With the goal of investigating the impacts of major risk events, analyzing the causes of the events, and considering the implication of these events on risk management at companies, Case Business School of London examined some of the largest corporate crises of the last decade. Some of the companies examined include AIG, Arthur Andersen, BP, Cadbury, Coca-Cola, Enron, Firestone, Northern Rock, and Shell.

Case Business School’s research found seven underlying risk categories that were present at least to some extent in all of the situations studied. These categorizations are:

  • Board Skill and NED Control: These are risks that arise due to the board’s limited skills and knowledge, which affects its effectiveness in monitoring and controlling the C-suite.
  • Board Risk Blindness: These risks result from the board not realizing and taking on the risks that are inherent in the business.
  • Inadequate Leadership on Ethos and Culture: This is a failure to set a strong corporate culture.
  • Defective Internal Communication: Many risks arise from poor internal communication between silos of risk. Risks also arise from poor communication from leadership to line employees.
  • Risks from Organizational Complexity & Change: When companies make a large number of acquisitions, they make the organizational structure more complex, making it easier for risks to arise and harder to manage.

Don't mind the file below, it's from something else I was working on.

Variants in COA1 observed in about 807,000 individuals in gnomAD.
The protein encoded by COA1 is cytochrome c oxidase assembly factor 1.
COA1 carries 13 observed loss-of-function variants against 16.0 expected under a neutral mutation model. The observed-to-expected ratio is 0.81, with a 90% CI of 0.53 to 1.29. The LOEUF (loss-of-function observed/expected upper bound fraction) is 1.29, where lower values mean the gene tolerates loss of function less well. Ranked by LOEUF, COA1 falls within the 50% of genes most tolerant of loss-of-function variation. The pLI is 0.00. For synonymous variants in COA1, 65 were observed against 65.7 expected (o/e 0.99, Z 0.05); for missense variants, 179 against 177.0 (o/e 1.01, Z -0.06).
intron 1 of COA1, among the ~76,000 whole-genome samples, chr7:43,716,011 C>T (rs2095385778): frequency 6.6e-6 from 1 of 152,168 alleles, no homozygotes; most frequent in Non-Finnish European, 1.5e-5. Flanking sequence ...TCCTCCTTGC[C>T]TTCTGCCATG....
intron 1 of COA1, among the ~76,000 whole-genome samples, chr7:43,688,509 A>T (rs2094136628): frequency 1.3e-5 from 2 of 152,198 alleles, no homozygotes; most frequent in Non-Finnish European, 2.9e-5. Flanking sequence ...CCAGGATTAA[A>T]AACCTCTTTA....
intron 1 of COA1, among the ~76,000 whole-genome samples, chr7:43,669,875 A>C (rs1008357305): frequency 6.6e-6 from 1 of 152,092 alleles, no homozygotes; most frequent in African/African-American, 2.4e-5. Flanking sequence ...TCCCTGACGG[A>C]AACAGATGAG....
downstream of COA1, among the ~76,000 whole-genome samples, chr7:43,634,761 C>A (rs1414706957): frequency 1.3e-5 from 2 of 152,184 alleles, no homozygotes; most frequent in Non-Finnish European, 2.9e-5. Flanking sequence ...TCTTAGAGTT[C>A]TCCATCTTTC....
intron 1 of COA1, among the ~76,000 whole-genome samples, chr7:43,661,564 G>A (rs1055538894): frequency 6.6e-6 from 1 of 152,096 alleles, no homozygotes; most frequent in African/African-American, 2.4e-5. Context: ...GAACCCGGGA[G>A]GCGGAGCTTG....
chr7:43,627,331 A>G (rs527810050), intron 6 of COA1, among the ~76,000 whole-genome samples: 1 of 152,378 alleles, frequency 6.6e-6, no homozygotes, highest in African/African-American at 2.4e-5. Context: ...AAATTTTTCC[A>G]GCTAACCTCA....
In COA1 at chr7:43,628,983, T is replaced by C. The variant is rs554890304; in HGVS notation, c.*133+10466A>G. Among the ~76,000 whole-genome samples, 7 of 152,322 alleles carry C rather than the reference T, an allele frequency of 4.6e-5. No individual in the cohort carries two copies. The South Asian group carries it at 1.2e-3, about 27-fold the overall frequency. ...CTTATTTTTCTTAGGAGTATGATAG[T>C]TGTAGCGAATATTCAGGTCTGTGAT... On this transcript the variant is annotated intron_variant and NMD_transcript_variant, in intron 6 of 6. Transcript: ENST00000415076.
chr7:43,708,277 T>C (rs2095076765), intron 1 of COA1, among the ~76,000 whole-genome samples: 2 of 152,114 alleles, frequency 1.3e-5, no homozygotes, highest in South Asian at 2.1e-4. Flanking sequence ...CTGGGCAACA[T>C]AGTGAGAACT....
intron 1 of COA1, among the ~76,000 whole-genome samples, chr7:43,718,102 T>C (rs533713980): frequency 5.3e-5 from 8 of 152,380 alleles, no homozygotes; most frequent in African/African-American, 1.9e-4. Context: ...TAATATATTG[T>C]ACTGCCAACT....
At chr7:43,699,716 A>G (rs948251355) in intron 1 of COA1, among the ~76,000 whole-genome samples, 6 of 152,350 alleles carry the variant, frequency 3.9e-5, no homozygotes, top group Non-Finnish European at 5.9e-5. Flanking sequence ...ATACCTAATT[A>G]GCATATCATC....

• Risks from Incentives: Salary structures can also create risks for a company.
  • Risk ‘Glass Ceiling’: Risk can come from the inability of risk management and internal audit teams to report on and discuss risks that come from positions ranking higher than themselves because of their fear of ridicule and dismissal.

A common theme among those risks is “groupthink” seeping into an organization. Four dangers can arise from these risks and were also found in the companies studied:

  1. All the risks posed a lethal threat to the business and its business model.
  2. Whenever the risks materialized, they were devastating and presented insurable losses to the company.
  3. Otherwise manageable risks compounded into devastating problems.
  4. Current risk analysis techniques and the knowledge base of risk managers would not be able to predict the event the company encountered.

Implications and Lessons Learned
Many of the dangers arising from the categories listed are taboo to talk about within the walls of a company because boards usually only want to look at the company in a mirror and not as part of an industry. A major part of enterprise risk management is understanding the risks that are inherently part of the industry in which the company operates. Also, a company needs to work to evolve its understanding of risk and work as an entity to understand how it will tackle each risk.

The researchers identified four enhancements to a company’s enterprise risk management that help address risk issues:

  • Management needs to rethink the scope, purpose, and technique of their risk analysis to ensure they do not overlook any potential devastating risks.
  • Risk professionals need to keep learning about how to identify, analyze, and discuss risks with upper management in order to learn how to mitigate risks effectively in the future.
  • There needs to be an atmosphere that allows risk managers to feel comfortable talking about underlying risks at all levels.
  • Boards need to appreciate that any risk management process has “blind spots” and risk management needs to evolve to fully create value for the enterprise.

Download a summary of this research.

Link: Airmic

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ERM Enterprise Risk Management Initiative 2011-09-01